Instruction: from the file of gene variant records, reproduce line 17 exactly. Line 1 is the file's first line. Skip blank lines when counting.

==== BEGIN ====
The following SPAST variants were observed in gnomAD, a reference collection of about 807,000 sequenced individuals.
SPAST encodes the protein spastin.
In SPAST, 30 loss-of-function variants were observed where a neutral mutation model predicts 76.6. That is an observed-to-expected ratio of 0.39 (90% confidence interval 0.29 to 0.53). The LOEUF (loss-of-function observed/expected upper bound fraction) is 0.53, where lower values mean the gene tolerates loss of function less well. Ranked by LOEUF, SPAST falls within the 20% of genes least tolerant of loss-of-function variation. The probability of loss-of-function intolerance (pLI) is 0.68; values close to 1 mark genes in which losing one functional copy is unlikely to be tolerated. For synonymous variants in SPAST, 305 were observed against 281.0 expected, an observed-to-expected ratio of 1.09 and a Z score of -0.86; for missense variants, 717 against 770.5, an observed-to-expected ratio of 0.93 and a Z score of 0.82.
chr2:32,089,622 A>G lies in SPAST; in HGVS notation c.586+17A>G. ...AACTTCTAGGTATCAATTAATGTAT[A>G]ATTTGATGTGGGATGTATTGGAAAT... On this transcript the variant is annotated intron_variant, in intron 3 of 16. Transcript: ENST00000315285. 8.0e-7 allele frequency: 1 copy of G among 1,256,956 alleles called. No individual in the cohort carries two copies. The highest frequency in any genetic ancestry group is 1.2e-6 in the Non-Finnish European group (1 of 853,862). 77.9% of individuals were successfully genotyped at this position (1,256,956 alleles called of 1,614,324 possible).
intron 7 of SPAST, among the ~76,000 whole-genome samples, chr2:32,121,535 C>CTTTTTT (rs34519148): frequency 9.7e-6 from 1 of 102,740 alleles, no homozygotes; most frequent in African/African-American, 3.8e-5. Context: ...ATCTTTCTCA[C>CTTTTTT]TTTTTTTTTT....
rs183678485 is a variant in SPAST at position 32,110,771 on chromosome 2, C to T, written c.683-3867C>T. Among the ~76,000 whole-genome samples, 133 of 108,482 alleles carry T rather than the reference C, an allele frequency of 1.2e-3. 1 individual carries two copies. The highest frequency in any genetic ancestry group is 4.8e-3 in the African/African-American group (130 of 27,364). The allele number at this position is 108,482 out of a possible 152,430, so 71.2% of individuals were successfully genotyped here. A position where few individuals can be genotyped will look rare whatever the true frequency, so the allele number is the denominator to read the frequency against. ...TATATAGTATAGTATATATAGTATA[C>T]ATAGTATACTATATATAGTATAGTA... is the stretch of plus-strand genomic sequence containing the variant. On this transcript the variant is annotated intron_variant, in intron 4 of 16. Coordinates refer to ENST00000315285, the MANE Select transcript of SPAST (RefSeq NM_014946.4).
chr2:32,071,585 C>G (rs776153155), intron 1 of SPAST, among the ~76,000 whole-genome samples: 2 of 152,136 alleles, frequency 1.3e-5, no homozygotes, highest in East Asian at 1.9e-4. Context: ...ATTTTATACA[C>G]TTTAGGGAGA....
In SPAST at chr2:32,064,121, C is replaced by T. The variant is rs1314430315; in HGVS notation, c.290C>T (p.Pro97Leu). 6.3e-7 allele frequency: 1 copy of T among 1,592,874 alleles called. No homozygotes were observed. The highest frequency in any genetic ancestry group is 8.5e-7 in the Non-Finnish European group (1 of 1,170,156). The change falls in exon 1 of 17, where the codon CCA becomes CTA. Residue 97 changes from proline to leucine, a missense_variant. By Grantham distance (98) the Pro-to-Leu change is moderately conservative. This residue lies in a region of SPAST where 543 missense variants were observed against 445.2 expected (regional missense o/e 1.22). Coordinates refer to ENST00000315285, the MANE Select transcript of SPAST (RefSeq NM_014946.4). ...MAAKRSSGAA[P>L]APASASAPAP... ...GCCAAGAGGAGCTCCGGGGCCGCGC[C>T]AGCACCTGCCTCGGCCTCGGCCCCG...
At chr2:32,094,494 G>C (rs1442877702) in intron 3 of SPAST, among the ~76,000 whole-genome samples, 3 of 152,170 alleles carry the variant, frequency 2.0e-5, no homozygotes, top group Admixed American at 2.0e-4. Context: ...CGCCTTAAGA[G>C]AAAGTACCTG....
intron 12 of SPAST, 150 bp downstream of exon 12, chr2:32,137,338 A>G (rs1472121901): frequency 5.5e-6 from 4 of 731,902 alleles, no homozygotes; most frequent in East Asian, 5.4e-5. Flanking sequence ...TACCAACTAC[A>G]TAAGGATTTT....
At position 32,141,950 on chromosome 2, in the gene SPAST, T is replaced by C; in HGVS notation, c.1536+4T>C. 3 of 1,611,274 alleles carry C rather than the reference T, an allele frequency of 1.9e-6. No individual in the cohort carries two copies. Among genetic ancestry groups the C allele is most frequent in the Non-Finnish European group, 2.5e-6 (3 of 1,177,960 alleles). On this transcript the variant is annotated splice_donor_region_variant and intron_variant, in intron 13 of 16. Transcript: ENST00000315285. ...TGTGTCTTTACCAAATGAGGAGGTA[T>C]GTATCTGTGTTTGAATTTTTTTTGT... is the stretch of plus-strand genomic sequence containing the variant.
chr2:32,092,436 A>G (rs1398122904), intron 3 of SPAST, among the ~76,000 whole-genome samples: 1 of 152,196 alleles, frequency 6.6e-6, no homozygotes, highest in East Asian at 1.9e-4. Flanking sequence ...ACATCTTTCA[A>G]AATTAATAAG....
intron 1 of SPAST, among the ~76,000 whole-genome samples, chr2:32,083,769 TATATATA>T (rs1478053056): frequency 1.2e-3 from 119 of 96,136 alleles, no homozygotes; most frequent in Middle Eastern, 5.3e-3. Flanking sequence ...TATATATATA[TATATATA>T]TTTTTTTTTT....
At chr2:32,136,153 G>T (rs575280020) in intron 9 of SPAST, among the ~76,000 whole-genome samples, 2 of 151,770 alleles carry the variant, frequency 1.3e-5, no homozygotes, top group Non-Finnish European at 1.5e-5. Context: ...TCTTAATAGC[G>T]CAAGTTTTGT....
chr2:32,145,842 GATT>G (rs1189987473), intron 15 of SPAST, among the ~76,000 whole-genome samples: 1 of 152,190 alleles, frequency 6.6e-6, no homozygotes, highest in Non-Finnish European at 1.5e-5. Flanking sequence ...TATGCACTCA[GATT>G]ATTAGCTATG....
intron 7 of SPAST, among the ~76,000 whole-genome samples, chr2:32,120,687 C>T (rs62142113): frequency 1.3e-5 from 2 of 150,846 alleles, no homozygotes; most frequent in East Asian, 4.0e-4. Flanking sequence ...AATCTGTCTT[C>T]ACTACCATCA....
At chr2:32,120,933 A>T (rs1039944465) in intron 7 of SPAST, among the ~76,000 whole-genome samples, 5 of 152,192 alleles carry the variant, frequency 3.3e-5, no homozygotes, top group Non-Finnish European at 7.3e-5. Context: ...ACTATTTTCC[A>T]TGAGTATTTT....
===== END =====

At chr2:32,120,933 A>T (rs1039944465) in intron 7 of SPAST, among the ~76,000 whole-genome samples, 5 of 152,192 alleles carry the variant, frequency 3.3e-5, no homozygotes, top group Non-Finnish European at 7.3e-5. Context: ...ACTATTTTCC[A>T]TGAGTATTTT....